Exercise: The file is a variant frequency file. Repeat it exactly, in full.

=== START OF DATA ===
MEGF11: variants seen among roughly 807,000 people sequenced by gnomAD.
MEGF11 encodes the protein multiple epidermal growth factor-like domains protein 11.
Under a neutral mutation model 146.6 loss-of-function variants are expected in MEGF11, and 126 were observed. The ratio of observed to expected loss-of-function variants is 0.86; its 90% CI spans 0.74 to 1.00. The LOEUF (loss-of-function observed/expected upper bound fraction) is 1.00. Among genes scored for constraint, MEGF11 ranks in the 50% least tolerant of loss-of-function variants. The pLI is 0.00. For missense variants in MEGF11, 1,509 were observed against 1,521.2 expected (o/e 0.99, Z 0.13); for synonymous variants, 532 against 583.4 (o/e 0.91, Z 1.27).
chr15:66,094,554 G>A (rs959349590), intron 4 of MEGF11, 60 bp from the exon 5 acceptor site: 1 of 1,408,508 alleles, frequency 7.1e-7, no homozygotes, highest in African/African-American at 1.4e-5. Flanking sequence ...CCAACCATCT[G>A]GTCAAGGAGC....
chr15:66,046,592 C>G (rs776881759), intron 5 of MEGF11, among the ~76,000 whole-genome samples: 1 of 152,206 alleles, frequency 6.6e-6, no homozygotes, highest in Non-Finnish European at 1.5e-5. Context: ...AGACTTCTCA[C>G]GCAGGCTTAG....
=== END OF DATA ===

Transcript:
MEGF11: variants seen among roughly 807,000 people sequenced by gnomAD.
MEGF11 encodes the protein multiple epidermal growth factor-like domains protein 11.
Under a neutral mutation model 146.6 loss-of-function variants are expected in MEGF11, and 126 were observed. The ratio of observed to expected loss-of-function variants is 0.86; its 90% CI spans 0.74 to 1.00. The LOEUF (loss-of-function observed/expected upper bound fraction) is 1.00. Among genes scored for constraint, MEGF11 ranks in the 50% least tolerant of loss-of-function variants. The pLI is 0.00. For missense variants in MEGF11, 1,509 were observed against 1,521.2 expected (o/e 0.99, Z 0.13); for synonymous variants, 532 against 583.4 (o/e 0.91, Z 1.27).
chr15:66,094,554 G>A (rs959349590), intron 4 of MEGF11, 60 bp from the exon 5 acceptor site: 1 of 1,408,508 alleles, frequency 7.1e-7, no homozygotes, highest in African/African-American at 1.4e-5. Flanking sequence ...CCAACCATCT[G>A]GTCAAGGAGC....
chr15:66,046,592 C>G (rs776881759), intron 5 of MEGF11, among the ~76,000 whole-genome samples: 1 of 152,206 alleles, frequency 6.6e-6, no homozygotes, highest in Non-Finnish European at 1.5e-5. Context: ...AGACTTCTCA[C>G]GCAGGCTTAG....